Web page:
Tag results for: Saskatchewan

Francis Glynn

Because my mother-in-law and I shared the same initials, sometime in the last decade I started addressing emails to her as GS1, signing off as GS2.

GS1: the mother-in-law a girl dreams for, a young woman cherishes, a jubilado grieves. Read more

Gloria's mother

The last time we visited our mothers was in April. The long, Saskatchewan winter stalled out for the week we were there. Flocks of geese v’d through the clear-blue living skies, clouds as scant as the patches of snow on the prairie fields below. A natural world invisible to my mom, who sadly, last year at the age of ninety, become permanently blind.
Read more


In this season, in the silence of night, who among us doesn’t pause, rewinding time back to childhood on Christmas Day?

Among those memories, there’s often a grandmother.

In my case, Grandma Danchuk. Alice. Born 110 years ago, on Christmas Day in 1908.

Read more

Date Oatmeal Cookies

About three-o-clock every afternoon these days when Vancouver’s grey skies darken toward charcoal and heavy rains pummel our flat roof, I need a cookie.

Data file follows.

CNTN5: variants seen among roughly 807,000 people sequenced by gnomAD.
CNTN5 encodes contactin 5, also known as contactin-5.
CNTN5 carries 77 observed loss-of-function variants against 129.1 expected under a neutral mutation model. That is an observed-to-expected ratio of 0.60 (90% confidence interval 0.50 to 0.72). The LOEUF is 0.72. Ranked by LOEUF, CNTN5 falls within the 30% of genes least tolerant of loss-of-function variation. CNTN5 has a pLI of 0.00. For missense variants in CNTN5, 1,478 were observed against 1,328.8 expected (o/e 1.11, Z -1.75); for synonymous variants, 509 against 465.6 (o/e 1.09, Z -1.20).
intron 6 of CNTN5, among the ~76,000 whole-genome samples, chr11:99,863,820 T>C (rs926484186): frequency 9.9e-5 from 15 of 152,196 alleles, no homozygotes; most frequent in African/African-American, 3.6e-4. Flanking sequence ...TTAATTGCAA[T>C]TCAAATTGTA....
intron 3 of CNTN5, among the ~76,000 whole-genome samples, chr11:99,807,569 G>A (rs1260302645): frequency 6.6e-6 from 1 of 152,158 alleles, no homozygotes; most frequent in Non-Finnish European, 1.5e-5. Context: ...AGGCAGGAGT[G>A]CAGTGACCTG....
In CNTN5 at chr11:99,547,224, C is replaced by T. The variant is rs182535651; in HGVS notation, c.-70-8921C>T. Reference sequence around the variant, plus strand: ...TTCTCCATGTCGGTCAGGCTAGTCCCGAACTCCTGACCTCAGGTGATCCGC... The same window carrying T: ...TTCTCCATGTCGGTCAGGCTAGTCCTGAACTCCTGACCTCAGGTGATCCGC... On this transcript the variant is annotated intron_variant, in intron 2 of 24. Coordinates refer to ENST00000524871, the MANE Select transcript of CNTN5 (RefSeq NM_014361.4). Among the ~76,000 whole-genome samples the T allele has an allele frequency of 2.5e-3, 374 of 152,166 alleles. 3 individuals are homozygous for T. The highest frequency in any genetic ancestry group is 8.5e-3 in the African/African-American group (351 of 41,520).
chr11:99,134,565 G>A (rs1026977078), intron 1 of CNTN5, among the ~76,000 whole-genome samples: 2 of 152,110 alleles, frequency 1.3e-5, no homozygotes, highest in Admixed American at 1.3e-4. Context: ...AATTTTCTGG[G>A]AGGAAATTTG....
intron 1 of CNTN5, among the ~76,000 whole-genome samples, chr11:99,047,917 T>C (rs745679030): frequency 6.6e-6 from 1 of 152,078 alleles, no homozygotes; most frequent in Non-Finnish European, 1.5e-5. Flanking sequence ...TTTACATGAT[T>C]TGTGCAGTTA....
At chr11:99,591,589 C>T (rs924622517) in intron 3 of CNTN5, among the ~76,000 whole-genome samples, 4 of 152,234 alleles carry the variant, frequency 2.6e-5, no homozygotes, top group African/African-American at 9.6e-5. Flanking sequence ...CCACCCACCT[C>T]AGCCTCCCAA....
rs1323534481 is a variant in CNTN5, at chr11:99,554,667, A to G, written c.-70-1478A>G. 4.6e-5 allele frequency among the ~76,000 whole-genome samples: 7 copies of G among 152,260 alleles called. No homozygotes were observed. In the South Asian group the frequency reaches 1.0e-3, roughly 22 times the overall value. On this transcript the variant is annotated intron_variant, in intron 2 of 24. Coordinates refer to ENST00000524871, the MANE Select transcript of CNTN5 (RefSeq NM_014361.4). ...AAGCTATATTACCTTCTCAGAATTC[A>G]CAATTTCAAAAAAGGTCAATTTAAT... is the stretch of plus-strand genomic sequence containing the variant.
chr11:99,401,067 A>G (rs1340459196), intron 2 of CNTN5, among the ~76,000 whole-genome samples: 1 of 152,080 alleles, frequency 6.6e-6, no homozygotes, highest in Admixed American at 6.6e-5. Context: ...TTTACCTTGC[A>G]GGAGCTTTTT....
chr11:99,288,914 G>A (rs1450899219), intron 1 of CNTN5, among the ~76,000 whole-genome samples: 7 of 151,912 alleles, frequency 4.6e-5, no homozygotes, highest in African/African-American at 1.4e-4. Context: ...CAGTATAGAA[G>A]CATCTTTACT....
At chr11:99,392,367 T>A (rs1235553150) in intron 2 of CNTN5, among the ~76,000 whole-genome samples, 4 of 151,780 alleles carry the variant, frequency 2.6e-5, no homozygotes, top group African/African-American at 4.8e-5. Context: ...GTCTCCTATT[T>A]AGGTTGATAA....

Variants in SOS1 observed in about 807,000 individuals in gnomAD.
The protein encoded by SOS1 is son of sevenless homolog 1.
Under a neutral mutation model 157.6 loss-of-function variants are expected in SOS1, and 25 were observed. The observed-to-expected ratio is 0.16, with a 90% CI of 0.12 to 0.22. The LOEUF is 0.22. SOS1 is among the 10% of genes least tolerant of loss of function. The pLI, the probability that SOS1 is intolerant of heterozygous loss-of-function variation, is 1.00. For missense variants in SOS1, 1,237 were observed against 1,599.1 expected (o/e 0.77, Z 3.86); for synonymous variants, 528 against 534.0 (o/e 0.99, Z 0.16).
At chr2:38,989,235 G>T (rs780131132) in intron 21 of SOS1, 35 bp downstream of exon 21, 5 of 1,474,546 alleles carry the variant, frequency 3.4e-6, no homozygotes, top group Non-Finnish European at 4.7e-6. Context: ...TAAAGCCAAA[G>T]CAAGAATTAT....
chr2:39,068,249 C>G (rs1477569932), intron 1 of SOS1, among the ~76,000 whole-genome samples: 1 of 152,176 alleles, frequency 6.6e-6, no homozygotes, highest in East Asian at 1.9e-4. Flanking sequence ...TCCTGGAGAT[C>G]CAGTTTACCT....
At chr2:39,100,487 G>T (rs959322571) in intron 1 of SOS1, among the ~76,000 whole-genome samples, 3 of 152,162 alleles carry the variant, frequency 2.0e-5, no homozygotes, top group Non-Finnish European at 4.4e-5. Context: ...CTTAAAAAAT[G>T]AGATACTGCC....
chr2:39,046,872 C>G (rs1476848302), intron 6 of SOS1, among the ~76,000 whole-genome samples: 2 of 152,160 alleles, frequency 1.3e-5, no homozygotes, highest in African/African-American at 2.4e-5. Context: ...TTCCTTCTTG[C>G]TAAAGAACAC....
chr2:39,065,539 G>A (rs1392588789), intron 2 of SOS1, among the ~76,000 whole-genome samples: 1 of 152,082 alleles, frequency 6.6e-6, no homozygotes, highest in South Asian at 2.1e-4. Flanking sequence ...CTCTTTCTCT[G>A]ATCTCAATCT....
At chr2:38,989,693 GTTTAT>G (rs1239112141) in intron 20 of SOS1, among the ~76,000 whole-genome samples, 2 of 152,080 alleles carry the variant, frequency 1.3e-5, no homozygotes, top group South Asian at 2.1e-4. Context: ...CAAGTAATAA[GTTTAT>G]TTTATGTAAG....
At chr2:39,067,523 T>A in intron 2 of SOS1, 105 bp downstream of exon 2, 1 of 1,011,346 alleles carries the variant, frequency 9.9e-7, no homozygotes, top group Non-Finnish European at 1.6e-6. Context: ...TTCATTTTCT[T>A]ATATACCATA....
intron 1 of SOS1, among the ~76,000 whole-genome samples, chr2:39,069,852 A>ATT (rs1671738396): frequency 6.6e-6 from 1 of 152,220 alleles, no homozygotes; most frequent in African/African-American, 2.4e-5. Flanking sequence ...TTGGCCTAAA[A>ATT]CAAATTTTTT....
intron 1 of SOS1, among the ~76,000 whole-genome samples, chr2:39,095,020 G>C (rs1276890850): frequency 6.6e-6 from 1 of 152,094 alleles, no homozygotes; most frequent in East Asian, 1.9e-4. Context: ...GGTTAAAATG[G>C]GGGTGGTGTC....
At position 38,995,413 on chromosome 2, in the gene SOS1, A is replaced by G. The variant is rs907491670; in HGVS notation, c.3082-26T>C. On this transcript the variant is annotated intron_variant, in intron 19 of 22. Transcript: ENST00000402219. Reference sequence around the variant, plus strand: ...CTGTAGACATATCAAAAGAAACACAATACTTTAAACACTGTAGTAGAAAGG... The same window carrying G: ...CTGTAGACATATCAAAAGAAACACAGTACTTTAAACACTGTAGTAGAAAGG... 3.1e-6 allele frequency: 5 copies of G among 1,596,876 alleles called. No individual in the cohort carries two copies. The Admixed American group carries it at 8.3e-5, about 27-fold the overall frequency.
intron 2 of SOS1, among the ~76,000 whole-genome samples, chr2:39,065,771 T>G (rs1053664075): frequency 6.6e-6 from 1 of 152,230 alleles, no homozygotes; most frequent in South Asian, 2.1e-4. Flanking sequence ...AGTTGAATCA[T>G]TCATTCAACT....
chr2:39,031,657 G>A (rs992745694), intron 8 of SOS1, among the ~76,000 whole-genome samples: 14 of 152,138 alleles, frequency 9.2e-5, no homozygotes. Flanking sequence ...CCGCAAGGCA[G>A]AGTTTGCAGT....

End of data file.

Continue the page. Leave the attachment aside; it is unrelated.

The urge is as strong as when I was a kid getting home from school in the subzero cold of Saskatchewan and wanting mom’s warm “matrimonial cake,” gooey dates sandwiched between buttery rolled oats.

Sorry mom, your recipe has been superseded. But when you find out by what (Date Oatmeal Cookies) and by who (Jenni Willems), I think you’ll be okay with it. Read more


On Friday afternoon, we got the call.

A week later, I locked the door on an almost-empty house.

Imagine that like my mother, you’re eighty-nine years old. You’re moving into a single room in a personal care home in less than a week. Look around. What possessions would you take with you?

Read more



one day

in the car

on CBC 2

Ben Hepner say some composers

modelled their compositions on Fibonacci’s Series,

like Claude Debussey for example, which made me wonder if any famous poets

had ever spiraled an idea in Fibonacci’s form, like a nautilus beginning with a single circle and expanding it

outward, to set a new record, to infinity; but like the nautilus, ambition was washed away by rough waters, rocky shores, the seas of time—or the realization that striving for size is a shell of a game.


In mathematics, the Fibonacci sequence starts with the number 1, then 1 again and then every subsequent is the sum of the two preceding numbers. The Fibonacci sequence, which forms the basis for this poem’s structure is:  1,1,2,3,5,8,13,21,34,55.. 

(Photo: http://www.naturphilosophie.co.uk/fibonaccis-golden-spiral-relationship-maths-nature/)